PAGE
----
Victor McLeod was born in Otley, Yorkshire, England, on the 24th May 1899, the son of John McArthur and Agnes Amelia McLeod. His father was a Church of England Police Court Missioner in Hyde, Stalybridge and Dukinfield, Cheshire. The family was closely involved in the affairs of St. Thomas, Church, Hyde, John McLeod being the secretary of the St. Thomas’ Branch of The Church of England Men’s Society and Victor was a member of the church choir and the Sunday School. It was said of him that
he was the possessor of a splendid voice.
Victor McLeod’s first job was in the offices of the local newspaper The Hyde Reporter
and shortly after he joined, his father obtained a better job as Police Court Missioner to Wallasey, Cheshire, on the opposite bank of the River Mersey to Liverpool and as a result, the family moved to 53, Buchanan Road, in nearby Seacombe.
It was after this that Victor McLeod joined the mercantile marine and on 14th April 1915, at Liverpool, he engaged as an ordinary seaman in the Deck Department for his second voyage on board the
Lusitania to New York. His monthly rate of pay in this rank was only £1-0s-0d.. He joined the liner at Princes Landing stage at Liverpool on the morning of 17th April 1915 before she left her moorings there for the very last time and just three weeks later he was dead, killed after the liner was torpedoed and sunk. He was only 15 years of age.
According to The Hyde Reporter for 15th May 1915: -
The quartermaster, who was saved, states that he and Victor were on the bridge at eight minutes past two p.m. He had occasion to go below and he asked Victor to stand by until he came back. When he was below the ship was torpedoed and he never saw Victor again. Mr. McLeod has made constant visits to Liverpool, but can hear no news.
The quartermaster on duty at the time that the Lusitania was struck was Able Seaman Hugh Johnston and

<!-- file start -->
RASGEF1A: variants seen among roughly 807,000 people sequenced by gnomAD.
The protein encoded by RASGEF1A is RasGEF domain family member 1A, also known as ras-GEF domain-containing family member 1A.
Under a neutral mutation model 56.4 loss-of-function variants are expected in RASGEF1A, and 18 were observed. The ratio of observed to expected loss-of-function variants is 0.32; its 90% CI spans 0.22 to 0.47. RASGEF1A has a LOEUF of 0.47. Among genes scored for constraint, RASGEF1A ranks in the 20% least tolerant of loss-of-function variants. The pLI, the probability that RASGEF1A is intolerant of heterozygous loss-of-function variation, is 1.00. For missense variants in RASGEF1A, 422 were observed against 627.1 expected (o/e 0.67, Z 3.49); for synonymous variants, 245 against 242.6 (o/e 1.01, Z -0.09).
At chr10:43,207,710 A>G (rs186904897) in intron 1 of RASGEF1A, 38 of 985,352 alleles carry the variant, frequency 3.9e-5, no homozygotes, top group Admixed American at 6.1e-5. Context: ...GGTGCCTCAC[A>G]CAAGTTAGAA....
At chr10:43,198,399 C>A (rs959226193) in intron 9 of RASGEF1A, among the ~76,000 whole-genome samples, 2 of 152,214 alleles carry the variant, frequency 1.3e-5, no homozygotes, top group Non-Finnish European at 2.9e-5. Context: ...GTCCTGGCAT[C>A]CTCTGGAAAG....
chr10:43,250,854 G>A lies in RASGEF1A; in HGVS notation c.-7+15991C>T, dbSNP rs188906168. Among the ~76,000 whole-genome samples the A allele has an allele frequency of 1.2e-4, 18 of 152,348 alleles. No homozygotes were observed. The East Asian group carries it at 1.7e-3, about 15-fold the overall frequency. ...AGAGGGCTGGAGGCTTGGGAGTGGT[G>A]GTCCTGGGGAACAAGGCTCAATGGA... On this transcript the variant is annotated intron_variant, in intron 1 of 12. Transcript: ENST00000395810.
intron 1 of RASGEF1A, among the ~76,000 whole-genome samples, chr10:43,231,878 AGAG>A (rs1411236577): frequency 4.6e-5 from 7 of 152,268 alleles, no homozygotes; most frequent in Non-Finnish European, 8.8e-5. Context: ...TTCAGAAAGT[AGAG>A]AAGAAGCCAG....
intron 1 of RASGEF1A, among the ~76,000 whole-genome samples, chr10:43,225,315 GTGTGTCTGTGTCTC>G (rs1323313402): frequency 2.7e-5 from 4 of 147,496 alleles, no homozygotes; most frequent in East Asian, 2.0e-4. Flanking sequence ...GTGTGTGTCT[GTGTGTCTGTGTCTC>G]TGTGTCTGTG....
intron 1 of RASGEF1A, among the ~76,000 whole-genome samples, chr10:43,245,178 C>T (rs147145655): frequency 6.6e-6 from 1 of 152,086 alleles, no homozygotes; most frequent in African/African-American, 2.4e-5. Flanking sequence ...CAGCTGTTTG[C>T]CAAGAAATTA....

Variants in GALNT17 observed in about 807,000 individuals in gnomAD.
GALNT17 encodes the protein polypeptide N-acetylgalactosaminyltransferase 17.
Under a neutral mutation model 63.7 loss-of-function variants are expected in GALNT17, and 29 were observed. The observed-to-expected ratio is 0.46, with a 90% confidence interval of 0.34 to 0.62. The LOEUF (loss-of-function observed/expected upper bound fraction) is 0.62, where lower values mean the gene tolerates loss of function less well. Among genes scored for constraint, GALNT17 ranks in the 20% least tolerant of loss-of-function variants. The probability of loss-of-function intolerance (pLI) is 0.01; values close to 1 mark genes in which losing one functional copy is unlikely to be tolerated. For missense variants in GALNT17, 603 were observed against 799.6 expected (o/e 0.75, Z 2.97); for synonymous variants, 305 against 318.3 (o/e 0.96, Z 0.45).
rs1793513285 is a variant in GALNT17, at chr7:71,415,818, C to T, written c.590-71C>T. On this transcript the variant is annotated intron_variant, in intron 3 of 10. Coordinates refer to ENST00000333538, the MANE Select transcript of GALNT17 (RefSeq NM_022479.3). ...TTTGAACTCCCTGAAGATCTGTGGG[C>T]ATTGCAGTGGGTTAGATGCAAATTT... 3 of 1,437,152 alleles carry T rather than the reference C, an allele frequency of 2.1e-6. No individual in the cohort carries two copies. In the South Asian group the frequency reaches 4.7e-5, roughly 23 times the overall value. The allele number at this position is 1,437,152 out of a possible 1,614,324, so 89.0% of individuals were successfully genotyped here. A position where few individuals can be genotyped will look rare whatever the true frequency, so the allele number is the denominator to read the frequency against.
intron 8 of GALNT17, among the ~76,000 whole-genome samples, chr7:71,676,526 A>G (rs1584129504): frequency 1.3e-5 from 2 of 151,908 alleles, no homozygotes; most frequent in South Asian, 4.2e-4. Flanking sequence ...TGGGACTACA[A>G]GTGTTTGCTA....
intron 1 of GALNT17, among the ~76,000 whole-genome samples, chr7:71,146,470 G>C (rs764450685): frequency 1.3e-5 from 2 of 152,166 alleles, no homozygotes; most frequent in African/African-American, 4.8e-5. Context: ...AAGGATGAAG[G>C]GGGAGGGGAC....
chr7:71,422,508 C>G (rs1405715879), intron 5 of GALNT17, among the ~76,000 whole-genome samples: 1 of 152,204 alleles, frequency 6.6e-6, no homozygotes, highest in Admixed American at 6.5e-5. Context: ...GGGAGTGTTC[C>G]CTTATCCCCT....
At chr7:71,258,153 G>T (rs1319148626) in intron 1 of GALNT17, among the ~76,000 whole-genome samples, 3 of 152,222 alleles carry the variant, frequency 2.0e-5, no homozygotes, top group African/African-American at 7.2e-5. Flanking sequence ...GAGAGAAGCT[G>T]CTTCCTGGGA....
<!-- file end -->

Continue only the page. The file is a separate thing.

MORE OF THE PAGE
The Hyde Reporter account differs remarkably from the deposition he gave to an officer from the Board of Trade in Liverpool, on 12th May 1915, which stated: -
I was at the wheel and heard a very loud explosion and felt the ship quivering. Just before the explosion I heard Mr. Hefford, Second Officer sing out from the bridge “Here is a torpedo” and immediately afterwards the Captain gave me the order “hard a starboard”, and I put the wheel to 35 degrees and I reported to the Captain “helm is hard a starboard” and he replied “all right boy” ..... .
It is likely that Hugh Johnston told John McLeod this version of the story to try to lighten the burden of his son’s death.
Victor McLeod’s body was not recovered and identified afterwards and as a result he is commemorated on the Mercantile Marine Memorial at Tower Hill, London.
In August 1915, the balance of wages owing to him was paid to his family in respect of his sea service on the
Lusitania’s final voyage. This was reckoned from 17th April 1915, until 8th May, 24 hours after the liner had foundered.
Coincidentally, a second cabin passenger on board, Dick Foley, was also a worshipper at St. Thomas’ Church, Hyde, many years before Victor McLeod, before emigrating to the United States in 1865. He too perished in the sinking.
Register of Births, Marriages and Deaths, 1911 English Census, 1901 English Census, Commonwealth War Graves Commission, Cunard Records, Hyde At War, Hyde Reporter, Wallasey News (Photo. 15/05/15), PRO BT 334.